The Abu Dhabi Tour is now among the best in the world

As major international sports events take over Abu Dhabi, it’s a chance to see the world’s best in action and test your own sporting prowess

The pack is on the way of the first stage of Abu Dhabi cycling race from Madinat Zayed to Madinat Zayed, UAE, 20 October 2016. ANSA/CLAUDIO PERI

The pack is on the way of the first stage of Abu Dhabi cycling race from Madinat Zayed to Madinat Zayed, UAE, 20 October 2016. ANSA/CLAUDIO PERI

It may be new to the sport’s international calendar, but Abu Dhabi’s premier cycling event has already made impressive strides towards global recognition.

After successful outings in 2015 and 2016, Abu Dhabi Tour has been upgraded to feature alongside the most prestigious cycling events in the world as part of the 2017 UCI World Tour.

The event in Abu Dhabi was initially held as part of the UCI Asia Tour but was chosen last year as one of ten races to be included in the newly expanded 37-stop World Tour.

The Abu Dhabi Tour is now one of four stage races to take place outside of Europe, alongside Australia, China and the US.

A total of 16 out of the 18 World Tour teams, including Team Dimension Data, Team Sky, Lotto Soudal and Astana Pro Team, will take on the increased 672km event, tackling three sprints and one climbing stage.

In a spin

Cycling is unique in that racers are ranked on an individual basis, however teams make tactical decisions together for the benefit of the group like allowing the team leader to break away for the final sprint to win the race.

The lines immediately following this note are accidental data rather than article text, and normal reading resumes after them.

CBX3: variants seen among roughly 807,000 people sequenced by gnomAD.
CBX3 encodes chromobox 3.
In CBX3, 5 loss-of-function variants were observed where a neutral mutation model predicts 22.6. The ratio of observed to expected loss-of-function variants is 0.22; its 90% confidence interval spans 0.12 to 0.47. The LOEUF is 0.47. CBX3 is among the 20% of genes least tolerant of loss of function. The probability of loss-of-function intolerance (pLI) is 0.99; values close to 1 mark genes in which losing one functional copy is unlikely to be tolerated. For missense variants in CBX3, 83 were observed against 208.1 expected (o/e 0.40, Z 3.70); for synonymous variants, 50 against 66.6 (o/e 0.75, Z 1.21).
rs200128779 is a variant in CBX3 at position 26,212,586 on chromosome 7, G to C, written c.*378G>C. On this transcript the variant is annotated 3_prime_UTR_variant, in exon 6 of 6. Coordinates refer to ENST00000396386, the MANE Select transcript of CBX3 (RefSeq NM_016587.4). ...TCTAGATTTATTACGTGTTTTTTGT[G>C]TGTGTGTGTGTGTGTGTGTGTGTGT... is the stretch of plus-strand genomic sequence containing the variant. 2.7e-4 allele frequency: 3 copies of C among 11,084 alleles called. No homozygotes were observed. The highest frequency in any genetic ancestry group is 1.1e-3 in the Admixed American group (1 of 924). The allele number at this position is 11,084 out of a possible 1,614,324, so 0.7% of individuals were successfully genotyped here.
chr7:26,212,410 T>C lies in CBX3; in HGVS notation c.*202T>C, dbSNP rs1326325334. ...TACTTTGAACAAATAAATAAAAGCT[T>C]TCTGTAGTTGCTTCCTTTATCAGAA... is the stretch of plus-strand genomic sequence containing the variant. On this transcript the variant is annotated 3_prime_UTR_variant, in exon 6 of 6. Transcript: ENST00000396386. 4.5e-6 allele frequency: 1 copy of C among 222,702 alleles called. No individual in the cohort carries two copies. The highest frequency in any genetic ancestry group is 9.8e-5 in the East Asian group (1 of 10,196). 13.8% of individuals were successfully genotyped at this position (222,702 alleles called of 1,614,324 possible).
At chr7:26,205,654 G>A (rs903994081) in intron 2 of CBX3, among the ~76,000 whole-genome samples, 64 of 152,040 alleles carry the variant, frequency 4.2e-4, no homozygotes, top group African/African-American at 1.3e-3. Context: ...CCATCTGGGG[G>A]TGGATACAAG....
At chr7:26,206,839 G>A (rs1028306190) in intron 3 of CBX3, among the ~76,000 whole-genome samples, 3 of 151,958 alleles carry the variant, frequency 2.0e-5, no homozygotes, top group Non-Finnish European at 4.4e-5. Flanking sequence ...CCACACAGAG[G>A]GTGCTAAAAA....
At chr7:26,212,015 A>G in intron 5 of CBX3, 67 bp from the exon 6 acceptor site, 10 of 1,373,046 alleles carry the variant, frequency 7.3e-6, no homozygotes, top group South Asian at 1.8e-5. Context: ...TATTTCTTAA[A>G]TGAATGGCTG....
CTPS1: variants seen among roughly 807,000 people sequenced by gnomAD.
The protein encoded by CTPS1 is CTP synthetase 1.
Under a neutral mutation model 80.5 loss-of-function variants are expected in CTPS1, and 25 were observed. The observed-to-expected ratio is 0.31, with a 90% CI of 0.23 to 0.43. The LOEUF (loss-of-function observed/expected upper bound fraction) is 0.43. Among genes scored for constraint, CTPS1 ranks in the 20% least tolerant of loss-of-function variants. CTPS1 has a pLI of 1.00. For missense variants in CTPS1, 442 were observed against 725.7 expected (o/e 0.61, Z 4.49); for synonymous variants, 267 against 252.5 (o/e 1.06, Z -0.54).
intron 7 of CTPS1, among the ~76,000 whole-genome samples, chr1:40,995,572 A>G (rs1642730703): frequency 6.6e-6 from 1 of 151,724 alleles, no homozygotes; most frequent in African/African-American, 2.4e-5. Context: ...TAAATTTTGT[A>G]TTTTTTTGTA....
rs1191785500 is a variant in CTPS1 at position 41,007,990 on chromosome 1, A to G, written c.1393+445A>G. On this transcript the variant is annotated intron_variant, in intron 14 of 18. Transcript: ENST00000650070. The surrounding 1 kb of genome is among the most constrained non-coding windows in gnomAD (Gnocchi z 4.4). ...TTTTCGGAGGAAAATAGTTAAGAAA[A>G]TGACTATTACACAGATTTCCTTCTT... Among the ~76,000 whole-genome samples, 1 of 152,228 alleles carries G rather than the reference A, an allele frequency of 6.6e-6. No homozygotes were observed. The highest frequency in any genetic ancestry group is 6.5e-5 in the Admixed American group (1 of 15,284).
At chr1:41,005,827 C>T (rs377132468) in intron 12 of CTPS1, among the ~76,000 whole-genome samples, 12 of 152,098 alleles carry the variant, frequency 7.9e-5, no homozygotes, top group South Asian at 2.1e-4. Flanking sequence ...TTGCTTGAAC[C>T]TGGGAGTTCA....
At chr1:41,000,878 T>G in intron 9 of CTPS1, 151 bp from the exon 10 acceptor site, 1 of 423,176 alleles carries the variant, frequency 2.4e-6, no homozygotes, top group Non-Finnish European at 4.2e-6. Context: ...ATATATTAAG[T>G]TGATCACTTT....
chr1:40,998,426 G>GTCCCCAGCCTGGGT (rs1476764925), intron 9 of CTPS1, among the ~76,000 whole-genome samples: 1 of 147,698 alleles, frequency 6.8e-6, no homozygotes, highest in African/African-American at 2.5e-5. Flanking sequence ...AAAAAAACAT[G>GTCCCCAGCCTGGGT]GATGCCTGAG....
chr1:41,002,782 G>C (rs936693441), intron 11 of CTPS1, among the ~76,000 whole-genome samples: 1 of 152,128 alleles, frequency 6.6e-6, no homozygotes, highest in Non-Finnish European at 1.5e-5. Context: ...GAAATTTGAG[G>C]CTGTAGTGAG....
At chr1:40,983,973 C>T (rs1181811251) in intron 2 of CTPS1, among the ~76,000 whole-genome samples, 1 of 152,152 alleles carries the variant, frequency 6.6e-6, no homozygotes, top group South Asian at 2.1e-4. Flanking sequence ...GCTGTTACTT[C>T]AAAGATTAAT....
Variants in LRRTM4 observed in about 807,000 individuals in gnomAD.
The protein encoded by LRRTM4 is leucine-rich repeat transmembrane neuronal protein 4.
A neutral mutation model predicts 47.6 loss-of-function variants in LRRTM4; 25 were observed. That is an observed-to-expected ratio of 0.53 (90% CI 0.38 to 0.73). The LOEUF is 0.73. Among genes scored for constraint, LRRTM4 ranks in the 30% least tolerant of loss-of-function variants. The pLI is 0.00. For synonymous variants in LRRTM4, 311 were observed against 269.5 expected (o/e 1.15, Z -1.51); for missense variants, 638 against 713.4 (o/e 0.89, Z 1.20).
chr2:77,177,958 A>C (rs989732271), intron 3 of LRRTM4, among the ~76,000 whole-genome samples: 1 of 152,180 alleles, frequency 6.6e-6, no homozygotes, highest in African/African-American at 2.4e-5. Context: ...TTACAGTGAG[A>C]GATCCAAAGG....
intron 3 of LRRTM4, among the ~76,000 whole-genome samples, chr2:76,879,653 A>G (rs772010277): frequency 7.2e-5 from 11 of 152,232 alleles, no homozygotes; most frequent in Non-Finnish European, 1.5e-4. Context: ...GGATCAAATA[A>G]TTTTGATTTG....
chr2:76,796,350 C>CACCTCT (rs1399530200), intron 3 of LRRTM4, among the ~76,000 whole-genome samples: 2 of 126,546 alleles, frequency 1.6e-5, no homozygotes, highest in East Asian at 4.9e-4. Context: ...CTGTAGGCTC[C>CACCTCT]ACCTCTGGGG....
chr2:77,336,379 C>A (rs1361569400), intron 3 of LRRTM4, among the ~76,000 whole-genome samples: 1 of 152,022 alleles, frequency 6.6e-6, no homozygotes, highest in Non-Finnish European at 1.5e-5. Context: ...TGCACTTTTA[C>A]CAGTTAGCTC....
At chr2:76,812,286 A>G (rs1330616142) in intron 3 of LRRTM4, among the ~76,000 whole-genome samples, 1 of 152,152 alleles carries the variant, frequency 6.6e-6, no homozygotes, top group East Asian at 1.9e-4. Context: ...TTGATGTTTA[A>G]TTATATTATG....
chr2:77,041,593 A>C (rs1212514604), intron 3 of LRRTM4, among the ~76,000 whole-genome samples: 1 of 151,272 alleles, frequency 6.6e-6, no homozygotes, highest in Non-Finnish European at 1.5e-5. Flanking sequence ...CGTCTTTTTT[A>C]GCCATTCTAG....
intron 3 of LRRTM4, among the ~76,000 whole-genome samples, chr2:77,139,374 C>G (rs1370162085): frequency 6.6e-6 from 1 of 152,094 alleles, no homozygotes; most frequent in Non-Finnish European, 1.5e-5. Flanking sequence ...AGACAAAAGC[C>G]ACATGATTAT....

Even if you’re new to the sport, the Abu Dhabi Tour is a unique opportunity to get clued up and see the best riders up close.

Last year’s tour winner, Astana team member Tanel Kangert, told Abu Dhabi World the race is a special destination for both cyclists and fans.

“The Abu Dhabi Tour now has a firm place in the racing calendar and it
attracts the biggest names in our sport to the UAE to compete.

“It’s the closest you can get to the big names of our sport. If you go to see the Tour de France then you will probably not get to see your idols nearly as close as you can here in Abu Dhabi.”

The stages

The 143 km "Yas Island" Fourth stage of Abu Dhabi cycling race in Yas Marina F1 Circuit, UAE, 23 October 2016. ANSA/CLAUDIO PERI

The 143 km “Yas Island” Fourth stage of Abu Dhabi cycling race in Yas Marina F1 Circuit, UAE, 23 October 2016. ANSA/CLAUDIO PERI

So what’s in store for the riders?

First up is the Madinat Zayed stage on 23rd February, when riders take to the desert for two 45km sprints, with a challenging dune-climbing course at Liwa in the middle.

Giacomo Nizzolo won the stage last year in a powerful sprint holding off John Degenkolb and event ambassador Mark Cavendish to win in the last 150 metres.

Next it’s the Nation Towers stage on 24th, which starts on Reem Island before heading along the Corniche, looping past Sheikh Zayed Grand Mosque, through Yas and Saadiyat Islands and finishing near the Corniche breakwater.

Cavendish won this stage last year after coming out in front in an exciting bunch sprint featuring 70 riders, taking the overall lead from Nizzolo by four seconds.

On day three, riders head to Al Ain where, after looping the city, they’re faced with a gruelling climb up Jebel Hafeet. The winner of this stage has historically gone on to win the overall classification as Kangert did last year.

Bringing the event to a close on the 26th, the peloton tackles 26 laps of the 5.5km Yas Marina Circuit with three intermediate sprints on laps 11, 16 and 21.